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Motel 6 Wants to Pay $7.6 million to Latino Guests After Releasing Info To ICE

Last year, lawsuits were filed against Motel 6 after it became known that a couple of locations in Arizona released the personal information of Latino guests and handed it over to U.S. Immigration and Customs Enforcement (ICE). Now Motel 6 is seeking to settle the class action lawsuits by paying $7.6 million to Latino guests for breaking the law.

“Motel 6 fully recognizes the seriousness of the situation and accepts full responsibility for both compensating those who were harmed and taking the necessary steps to ensure that we protect the privacy of our guests,” said the statement provided by Maggie Giddens, G6 Hospitality’s managing director of external relations, according to TIME magazine.

On Jan. 3, 2018,  Attorney General Bob Ferguson released information regarding their lawsuit against Motel 6 saying that personal information of at least 9,151 guests were given to ICE, which resulted in 20 arrests. “The personal information released included customers’ driver’s license numbers, room number, name, guest identification number, date of birth and license plate number. The voluntary release of this information constitutes an unfair and deceptive business practice, and violates the Consumer Protection Act,” Ferguson said in a press release.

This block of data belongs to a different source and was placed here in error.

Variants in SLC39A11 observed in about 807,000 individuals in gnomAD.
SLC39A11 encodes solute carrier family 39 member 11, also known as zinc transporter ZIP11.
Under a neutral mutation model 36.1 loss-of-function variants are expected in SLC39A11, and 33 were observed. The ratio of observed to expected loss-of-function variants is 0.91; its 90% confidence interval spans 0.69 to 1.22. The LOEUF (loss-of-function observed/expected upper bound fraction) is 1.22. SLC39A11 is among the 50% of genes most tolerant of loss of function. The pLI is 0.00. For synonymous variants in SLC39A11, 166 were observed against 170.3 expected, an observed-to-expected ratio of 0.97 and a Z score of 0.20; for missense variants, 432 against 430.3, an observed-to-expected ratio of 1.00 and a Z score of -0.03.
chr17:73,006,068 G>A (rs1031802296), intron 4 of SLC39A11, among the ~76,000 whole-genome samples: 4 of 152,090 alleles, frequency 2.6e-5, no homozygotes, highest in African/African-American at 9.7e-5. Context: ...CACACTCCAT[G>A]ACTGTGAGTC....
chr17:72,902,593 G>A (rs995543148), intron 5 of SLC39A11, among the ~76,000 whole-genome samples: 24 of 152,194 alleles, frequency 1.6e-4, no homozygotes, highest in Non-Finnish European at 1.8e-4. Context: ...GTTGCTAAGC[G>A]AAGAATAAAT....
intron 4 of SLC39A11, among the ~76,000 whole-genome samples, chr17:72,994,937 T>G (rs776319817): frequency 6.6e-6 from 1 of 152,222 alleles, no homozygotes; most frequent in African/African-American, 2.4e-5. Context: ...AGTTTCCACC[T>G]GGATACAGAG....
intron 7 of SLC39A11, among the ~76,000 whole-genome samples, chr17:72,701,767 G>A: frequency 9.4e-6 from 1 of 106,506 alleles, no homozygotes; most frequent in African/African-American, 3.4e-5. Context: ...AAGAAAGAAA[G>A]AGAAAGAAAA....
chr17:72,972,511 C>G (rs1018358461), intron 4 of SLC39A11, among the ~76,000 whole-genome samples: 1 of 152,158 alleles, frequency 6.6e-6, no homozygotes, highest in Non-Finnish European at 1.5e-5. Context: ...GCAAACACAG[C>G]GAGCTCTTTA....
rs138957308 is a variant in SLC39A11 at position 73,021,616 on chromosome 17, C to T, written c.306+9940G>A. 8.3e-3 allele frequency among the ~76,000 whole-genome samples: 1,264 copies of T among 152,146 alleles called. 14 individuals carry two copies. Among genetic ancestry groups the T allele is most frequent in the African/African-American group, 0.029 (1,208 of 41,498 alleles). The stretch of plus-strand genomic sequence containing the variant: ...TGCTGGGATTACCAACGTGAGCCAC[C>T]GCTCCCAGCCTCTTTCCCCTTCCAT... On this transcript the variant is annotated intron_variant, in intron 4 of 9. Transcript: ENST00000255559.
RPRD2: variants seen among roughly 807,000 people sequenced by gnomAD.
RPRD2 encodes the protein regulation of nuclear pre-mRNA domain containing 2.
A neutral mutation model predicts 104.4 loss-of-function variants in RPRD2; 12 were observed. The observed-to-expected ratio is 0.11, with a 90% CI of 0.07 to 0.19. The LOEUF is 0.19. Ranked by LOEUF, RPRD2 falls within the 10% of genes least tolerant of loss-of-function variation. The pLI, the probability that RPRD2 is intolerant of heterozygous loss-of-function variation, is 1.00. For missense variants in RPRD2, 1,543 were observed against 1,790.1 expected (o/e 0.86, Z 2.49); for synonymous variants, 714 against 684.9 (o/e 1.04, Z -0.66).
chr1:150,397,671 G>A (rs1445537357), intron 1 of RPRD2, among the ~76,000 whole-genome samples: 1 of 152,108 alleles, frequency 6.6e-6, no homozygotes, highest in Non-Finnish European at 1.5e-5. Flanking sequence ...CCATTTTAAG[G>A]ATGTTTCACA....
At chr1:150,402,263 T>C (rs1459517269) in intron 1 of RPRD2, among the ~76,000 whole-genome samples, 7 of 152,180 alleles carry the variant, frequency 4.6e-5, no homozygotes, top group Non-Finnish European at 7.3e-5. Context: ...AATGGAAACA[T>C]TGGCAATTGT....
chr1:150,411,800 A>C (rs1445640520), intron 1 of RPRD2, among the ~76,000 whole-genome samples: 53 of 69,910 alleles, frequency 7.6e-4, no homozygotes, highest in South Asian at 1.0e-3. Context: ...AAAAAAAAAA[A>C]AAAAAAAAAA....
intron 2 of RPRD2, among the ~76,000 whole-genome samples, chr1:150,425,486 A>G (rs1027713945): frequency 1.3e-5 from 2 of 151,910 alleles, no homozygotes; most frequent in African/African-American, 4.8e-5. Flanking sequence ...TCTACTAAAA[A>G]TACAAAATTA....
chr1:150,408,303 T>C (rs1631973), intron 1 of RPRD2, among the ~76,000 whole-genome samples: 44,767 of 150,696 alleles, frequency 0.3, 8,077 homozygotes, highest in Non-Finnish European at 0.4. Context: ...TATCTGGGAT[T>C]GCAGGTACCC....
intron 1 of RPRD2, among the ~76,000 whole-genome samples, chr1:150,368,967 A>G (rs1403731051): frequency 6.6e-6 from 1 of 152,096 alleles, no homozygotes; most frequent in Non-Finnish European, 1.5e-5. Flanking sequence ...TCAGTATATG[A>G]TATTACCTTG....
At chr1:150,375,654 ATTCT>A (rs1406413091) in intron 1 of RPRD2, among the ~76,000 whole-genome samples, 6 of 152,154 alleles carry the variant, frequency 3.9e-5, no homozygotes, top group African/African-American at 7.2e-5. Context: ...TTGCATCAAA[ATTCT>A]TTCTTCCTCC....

At the time the news broke, Motel 6 said that this illegal act was done on a local level and “without the knowledge of senior management.”

“After news reports in Arizona revealed Motel 6 staff was handing over guests’ private information, Motel 6 implied this was a local problem,” Ferguson said. “We have found that is not true. Washingtonians have a right to privacy, and protection from discrimination. I will hold Motel 6 accountable and uncover the whole story of their disturbing conduct,” and added that Motel 6 has more than 1,200 locations across North America with more than 105,000 rooms.

While Motel 6 said they want to pay $7.6 million, attorney’s on behalf of the class action lawsuit say they may have to to pay up to $8.9 million in legal costs.